Book Review: Midnight Departure

Midnight Departure, by Dan Lombard, self published (www.amazon.com), 2012, 190 pages, $14.00

It has become apparent to me recently that I must have a soft spot for train wrecks – I’m referring in particular to books, that is, terrible books, unabashed hot messes that couldn’t be saved, not even under the principle of the infinite monkey theorem by a thousand monkeys at a thousand keyboards (see, for example, the debacle Mount Diablo: Murder Maybe I reviewed in 2014). These are the books whose authors have the dubious distinction of having tossed the “litter” in literature. So when I learned of a thriller that tackled California’s controversial High Speed Train project, I eagerly put on my corpse-handling gloves and set to it. Needless to say, Midnight Departure did not disappoint.

I won’t deny it – I devoured the book feverishly in three days. I might even have finished it sooner had I not needed to set my book down every other page to take careful notes of every grammar gaffe and dead herring. And no, that’s not a typo; I’m coining a phrase, here and now, to describe what might traditionally be described as a “red” herring except that these purported misdirections – which begin as veiled foreshadowing but unerringly disintegrate with flimsy plotting into gaping plot holes ­– do nothing more than stink up the room like dead herrings. In fact, to consider these herrings of any species is specious and, in itself, an insult to herrings alive or dead. But more on that later.

By 1:30AM of Day 3 (really, it was Day 4 if you account for the fact that I read through the night just to finish the damn thing), I had scribbled down three thoughts I felt best characterized my experience. I polled my friends and it was all but unanimous that this said it best:

“To say this book has any sort of plot is like shaking a box of loose Legos and taking credit for any pieces that come out stuck together.”

In second place was this coinage:

“Even if I went out of my way to call this wan thriller a dime store novel, I’d still expect nine cents in change for my trouble.”

And in response to my personal favorite:

“This pulp fiction faux pas is such a blatant hatchet job, Gary Paulsen should sue the author for intellectual property theft.”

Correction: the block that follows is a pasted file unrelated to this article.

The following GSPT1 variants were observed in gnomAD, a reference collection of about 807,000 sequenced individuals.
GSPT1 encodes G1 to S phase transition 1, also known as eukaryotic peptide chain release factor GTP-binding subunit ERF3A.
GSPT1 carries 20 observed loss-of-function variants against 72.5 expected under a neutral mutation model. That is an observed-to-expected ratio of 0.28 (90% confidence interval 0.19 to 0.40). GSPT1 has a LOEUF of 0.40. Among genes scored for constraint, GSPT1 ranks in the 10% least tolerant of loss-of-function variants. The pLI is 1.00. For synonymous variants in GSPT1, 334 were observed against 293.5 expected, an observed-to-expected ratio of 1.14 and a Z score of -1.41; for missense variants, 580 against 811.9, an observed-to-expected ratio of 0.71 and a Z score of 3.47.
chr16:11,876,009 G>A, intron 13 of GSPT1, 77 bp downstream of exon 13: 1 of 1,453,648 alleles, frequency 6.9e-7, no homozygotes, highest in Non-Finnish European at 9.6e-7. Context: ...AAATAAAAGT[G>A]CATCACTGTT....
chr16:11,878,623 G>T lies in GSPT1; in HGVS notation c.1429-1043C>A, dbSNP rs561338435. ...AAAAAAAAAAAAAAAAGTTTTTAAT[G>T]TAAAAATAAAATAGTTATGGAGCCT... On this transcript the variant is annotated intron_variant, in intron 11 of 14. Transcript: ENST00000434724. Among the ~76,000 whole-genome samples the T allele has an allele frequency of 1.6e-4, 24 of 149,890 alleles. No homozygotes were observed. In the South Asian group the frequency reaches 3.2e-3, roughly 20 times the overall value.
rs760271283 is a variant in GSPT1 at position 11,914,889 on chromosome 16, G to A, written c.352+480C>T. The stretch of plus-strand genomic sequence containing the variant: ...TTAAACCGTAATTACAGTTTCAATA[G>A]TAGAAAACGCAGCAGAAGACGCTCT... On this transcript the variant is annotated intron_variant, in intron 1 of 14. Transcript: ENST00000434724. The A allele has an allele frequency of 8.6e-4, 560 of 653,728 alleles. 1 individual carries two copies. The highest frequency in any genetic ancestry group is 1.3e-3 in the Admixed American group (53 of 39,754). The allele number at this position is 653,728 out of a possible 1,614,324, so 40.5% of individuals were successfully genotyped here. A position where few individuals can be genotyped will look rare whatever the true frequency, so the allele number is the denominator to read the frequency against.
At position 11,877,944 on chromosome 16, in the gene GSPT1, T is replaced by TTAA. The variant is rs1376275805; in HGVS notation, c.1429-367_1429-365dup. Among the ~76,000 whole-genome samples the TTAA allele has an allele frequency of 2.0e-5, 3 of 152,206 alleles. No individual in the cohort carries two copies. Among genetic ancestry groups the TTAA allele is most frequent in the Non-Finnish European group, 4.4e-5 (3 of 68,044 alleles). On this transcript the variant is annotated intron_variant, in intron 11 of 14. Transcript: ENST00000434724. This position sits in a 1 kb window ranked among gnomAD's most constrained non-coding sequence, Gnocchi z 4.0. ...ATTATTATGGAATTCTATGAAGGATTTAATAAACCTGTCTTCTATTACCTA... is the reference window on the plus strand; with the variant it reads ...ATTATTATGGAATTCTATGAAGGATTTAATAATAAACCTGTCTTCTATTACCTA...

…one friend suggested I swap beloved children’s author Gary Paulsen for Tyree Smith.

Ugh. Too soon? Talk about rubbing “bath salts” in an open wound, am I right? I’ll give you a moment to collect yourself before we board this train.

Ready?

Midnight Departure is the brainchild of author Dan Lombard, a man who believes that a “thriller” (a phrase I use lightly) about graft and corruption in the fictional California SwiftRail Authority is the ideal vehicle for an exposé on California’s current fracas over fast funiculars, more commonly known as the High Speed Train project. It becomes clear early on that Lombard is no fan of the High Speed Train. Through the eyes of the book’s fauxtagonist (what else do you call an unlikeable protagonist?), Lombard describes the fictitious California SwiftRail Authority as “waterboarding, a 5,000 piece monotone jigsaw puzzle and the Bataan Death March all wrapped up in one” which, aptly enough, also described my experience reading Midnight Departure. Later, the fauxtagonist describes his sadventures as “a comedy of errors that started with some bad sushi and just kept getting worse,” which again aptly describes Midnight Departure.

As I settled in to read, I began taking meticulous notes. But it wasn’t long before I discovered that the previous owner of my copy of Midnight Departure had done the same thing in the margins. While I had fast become sidetracked marking up the book’s shortcomings, I was delighted to find that my Mystery Reader had thoughtfully called out what I can only imagine must have been – to them – purported “facts” (they’re so ridiculous, let’s just agree right now to call them faux facts, or “fauxts”). As aimless as they were confusing, these fauxts were almost charming in their baselessness. Charming, that is, until it dawned on me that someone had thought to use Midnight Departure as a reference guide.